• SCOPE OF WORK

    Engineering, procurement, construction, and commissioning

  • VALUE

    $500 million

  • SCHEDULE

    2001–2003

  • BUSINESS

    Oil, Gas & Chemicals

Bechtel built 330 miles (some 530 kilometers) of natural gas pipeline for a joint venture of BP and Sonatrach

Our work comprised  a very-large-diameter pipeline stretching north to south, from Krechba to the national gas distribution hub in Hassi R’Mel, from which Algeria exports the natural gas to European markets, and smaller-diameter lines transporting natural gas directly from the new Reg and Teg fields to Krechba. We completed construction two months ahead of schedule.

BP’s project director, Paul Bibby, noted “the sheer determination of the Bechtel construction team to forge ahead and find solutions to every difficulty.” And we managed to work safely (our approach cited within BP as a “best practice”) while finishing ahead of schedule.

  • Installing the pipeline required moving some 177 million square feet (5 million cubic meters) of sand
  • The project required Bechtel to build 330 miles (some 530 kilometers) of pipeline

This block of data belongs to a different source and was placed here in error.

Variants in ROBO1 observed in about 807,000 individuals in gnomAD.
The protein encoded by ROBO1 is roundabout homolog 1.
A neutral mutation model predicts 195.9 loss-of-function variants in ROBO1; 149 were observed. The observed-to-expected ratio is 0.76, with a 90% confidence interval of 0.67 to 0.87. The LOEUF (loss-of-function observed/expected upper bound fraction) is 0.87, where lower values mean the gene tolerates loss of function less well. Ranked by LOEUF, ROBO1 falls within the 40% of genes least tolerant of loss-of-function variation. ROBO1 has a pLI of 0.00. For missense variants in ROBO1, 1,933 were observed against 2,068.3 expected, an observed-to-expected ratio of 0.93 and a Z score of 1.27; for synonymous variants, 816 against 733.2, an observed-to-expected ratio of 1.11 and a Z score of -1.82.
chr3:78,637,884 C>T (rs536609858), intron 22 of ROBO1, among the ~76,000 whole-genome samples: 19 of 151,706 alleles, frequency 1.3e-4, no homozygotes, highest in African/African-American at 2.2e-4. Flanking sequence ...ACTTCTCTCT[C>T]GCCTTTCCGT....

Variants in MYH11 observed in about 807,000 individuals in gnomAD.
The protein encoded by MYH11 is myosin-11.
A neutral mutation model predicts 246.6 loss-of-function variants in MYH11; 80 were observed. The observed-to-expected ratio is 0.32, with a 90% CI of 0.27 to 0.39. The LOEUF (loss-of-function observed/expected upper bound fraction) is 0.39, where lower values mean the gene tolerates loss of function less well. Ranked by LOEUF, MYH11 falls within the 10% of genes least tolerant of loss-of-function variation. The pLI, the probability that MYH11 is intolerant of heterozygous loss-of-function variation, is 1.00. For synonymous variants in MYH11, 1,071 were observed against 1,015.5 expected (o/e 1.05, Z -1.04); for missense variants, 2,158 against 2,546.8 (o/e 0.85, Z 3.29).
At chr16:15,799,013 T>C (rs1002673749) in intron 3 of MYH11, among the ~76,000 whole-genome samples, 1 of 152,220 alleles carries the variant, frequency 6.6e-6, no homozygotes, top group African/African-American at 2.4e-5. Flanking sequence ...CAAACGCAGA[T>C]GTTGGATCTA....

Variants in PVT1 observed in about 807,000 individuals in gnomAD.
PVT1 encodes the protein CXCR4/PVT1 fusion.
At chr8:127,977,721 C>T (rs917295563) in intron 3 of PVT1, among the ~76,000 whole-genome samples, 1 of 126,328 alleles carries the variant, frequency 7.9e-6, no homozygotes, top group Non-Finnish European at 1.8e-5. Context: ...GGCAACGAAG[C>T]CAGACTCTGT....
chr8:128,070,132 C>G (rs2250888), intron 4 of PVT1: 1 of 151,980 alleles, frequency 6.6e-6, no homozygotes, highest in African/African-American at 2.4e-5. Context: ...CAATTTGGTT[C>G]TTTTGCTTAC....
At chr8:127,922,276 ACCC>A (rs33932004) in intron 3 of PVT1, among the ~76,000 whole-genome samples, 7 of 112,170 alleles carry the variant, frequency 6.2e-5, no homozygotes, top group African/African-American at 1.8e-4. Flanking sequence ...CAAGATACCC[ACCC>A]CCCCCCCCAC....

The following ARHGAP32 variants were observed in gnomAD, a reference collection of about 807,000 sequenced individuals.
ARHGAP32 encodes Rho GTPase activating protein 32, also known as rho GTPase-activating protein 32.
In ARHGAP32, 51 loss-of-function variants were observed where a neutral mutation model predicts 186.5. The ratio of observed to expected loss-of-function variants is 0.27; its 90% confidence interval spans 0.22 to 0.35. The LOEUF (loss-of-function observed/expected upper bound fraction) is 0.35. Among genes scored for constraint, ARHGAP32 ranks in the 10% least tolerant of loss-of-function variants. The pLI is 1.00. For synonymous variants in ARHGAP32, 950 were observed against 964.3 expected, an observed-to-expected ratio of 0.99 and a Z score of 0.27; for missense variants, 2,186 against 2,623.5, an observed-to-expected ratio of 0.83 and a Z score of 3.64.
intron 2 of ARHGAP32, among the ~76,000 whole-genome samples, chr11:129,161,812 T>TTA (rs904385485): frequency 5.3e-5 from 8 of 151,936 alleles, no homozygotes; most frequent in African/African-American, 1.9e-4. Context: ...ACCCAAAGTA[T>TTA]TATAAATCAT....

• In the project’s southern portion, workers endured temperatures that averaged 120 degrees Fahrenheit (49 degrees Celsius) in June–September
  • Thanks to the pipeline, Algeria became—and remains—Europe’s second-largest supplier of natural gas
  • Construction required some of the world’s largest trenching machines as Bechtel avoided using dynamite for safety and security reasons

Extremes

Algeria, Africa’s leading producer, relies heavily on revenues from the sale of natural gas as well as oil. With this section of pipeline complete, Algeria became—and remains—Europe’s second-largest supplier of natural gas. 

We constructed the pipeline using some of the largest chain-type trenching machines in the world. These machines had more than 200,000 steel teeth affixed to rotating chains to cut through the rock. We didn’t use dynamite for reasons of safety and security.

The project team dealt with southern Sahara sand dunes as tall as 13 stories and tore through huge deposits of uncommonly hard rock. In the southern portion of the project, high temperatures between June and September averaged some 120 degrees Fahrenheit (49 degrees Celsius). The temperatures, combined with sandstorms made for difficult working conditions.  Especially when moving 177 million square feet (about 5 million cubic meters) of sand.

Setting up camp

To house our team of 5,000 people, we established five camps along the route. We provided water, electricity, and waste disposal in addition to sleeping quarters, food service and medical facilities.